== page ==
Unlike the Leo Kottke 12-string, its six-string cousin is built to be tuned to standard pitch with medium gauge strings (.013 - .056). Aesthetically, the Taylor 2012 LKSM-6 Leo Kottke Signature Model ... Click To Read More About This Product
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Unlike the Leo Kottke 12-string, its six-string cousin is built to be tuned to standard pitch with medium gauge strings (.013 - .056). Aesthetically, the Taylor 2012 LKSM-6 Leo Kottke Signature Model Acoustic Guitar shares the same clean, minimalist appointments, letting the Jumbo's voluptuous curves articulate the guitar's full-bodied beauty.
Body Width: 17" / Body Depth: 4-5/8" / Body Length: 21"
Taylor's biggest body shape packs a 12-string punch.
Although you™ll see less Jumbos in the 2012 Taylor Lineup as it undergoes a design makeover, it remains Taylor' largest shape, and conjures a big, full sound without being bottom heavy.
While the Jumbo' voluptuous curves present a lot of soundboard real estate, the contoured waist helps tighten the midrange, controlling the overtones. This comes in handy with 12-strings, with which the Jumbo shape is most closely associated. The full bass tones counterbalance the doubled treble strings, producing a rich, lush tone with lots of signature Taylor clarity and balance. Coupled with Taylor' thin-profile necks, low action, and accurate intonation, you won™t have to work hard or retune a lot to get a great 12-string sound.
Origin: Central and South America
Mahogany is a good wood to anchor a discussion of tones, as a lot of other wood tones can be described in relation to it. Its essential sonic profile is well represented in the midrange frequencies. Acoustic guitars in general tend to live in the midrange portion of the sound spectrum, but mahogany in particular displays a lot of midrange character. That thick, present midrange sound is sometimes described in guitar circles as meaty, organic or even œchewy ” wherever a player digs in on the fretboard, they'e tapping into the core of the harmonic content of what a guitar produces. Those great midrange frequencies produce overtones that stack up and produce bloom, giving the sound extra girth. When one hears the resulting harmonics, the œchewy tone serves up a big mouthful of midrange. As a popular tonewood for many decades, mahogany has been used on scads of old school acoustic recordings, and that sonic heritage carries across various strains of roots music, from blues to folk to slack key.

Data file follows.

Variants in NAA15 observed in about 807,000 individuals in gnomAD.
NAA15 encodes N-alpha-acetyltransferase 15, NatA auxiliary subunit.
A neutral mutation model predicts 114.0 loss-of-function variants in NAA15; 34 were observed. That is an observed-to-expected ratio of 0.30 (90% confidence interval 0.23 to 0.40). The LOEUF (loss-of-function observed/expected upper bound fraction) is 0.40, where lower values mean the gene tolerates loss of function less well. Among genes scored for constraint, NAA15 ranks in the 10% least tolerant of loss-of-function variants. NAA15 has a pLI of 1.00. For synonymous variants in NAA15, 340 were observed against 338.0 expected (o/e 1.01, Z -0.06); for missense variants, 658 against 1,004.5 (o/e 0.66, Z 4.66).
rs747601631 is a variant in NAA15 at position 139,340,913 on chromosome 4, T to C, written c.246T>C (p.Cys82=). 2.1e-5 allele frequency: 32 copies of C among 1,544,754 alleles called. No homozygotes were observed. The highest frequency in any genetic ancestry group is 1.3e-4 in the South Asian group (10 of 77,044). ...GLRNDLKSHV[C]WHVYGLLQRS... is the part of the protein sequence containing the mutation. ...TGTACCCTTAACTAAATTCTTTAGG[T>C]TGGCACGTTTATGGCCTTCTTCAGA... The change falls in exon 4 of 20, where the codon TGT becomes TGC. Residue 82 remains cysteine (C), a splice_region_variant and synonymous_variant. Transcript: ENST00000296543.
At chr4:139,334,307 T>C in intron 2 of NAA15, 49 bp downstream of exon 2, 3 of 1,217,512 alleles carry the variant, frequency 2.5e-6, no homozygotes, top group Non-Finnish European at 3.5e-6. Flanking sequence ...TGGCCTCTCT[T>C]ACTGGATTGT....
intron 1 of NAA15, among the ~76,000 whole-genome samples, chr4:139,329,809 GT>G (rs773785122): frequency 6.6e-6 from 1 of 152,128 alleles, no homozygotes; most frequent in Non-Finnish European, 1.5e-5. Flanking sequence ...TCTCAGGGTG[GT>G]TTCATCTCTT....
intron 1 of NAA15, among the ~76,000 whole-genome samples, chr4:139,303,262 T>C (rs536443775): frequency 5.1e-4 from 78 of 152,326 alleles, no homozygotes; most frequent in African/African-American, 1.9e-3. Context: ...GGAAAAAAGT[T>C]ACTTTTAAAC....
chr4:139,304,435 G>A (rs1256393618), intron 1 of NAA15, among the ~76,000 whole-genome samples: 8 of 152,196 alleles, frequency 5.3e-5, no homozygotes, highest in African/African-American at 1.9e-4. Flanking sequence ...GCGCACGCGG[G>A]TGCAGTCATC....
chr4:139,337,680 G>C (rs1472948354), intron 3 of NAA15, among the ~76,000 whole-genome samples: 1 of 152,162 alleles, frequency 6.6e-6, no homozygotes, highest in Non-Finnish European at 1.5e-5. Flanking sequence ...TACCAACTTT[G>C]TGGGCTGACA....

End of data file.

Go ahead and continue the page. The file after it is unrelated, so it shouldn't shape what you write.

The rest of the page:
Goes well with: A broad range of players and musical styles; people who like a well-balanced tone, nice dynamic range and a healthy serving of overtones. Blues and other rootsy players tend to respond well to mahogany' midrange character. A smaller body mahogany guitar (GC or GA) might appeal to fingerstyle players, whereas more aggressive flatpickers might opt for a mahogany Dreadnought or GS. For versatility, a mahogany GA is a good bet. Because of mahogany' midrange, a player with œdark hands will tend to sound darker on a mahogany guitar. A bright player will sound slightly less bright.
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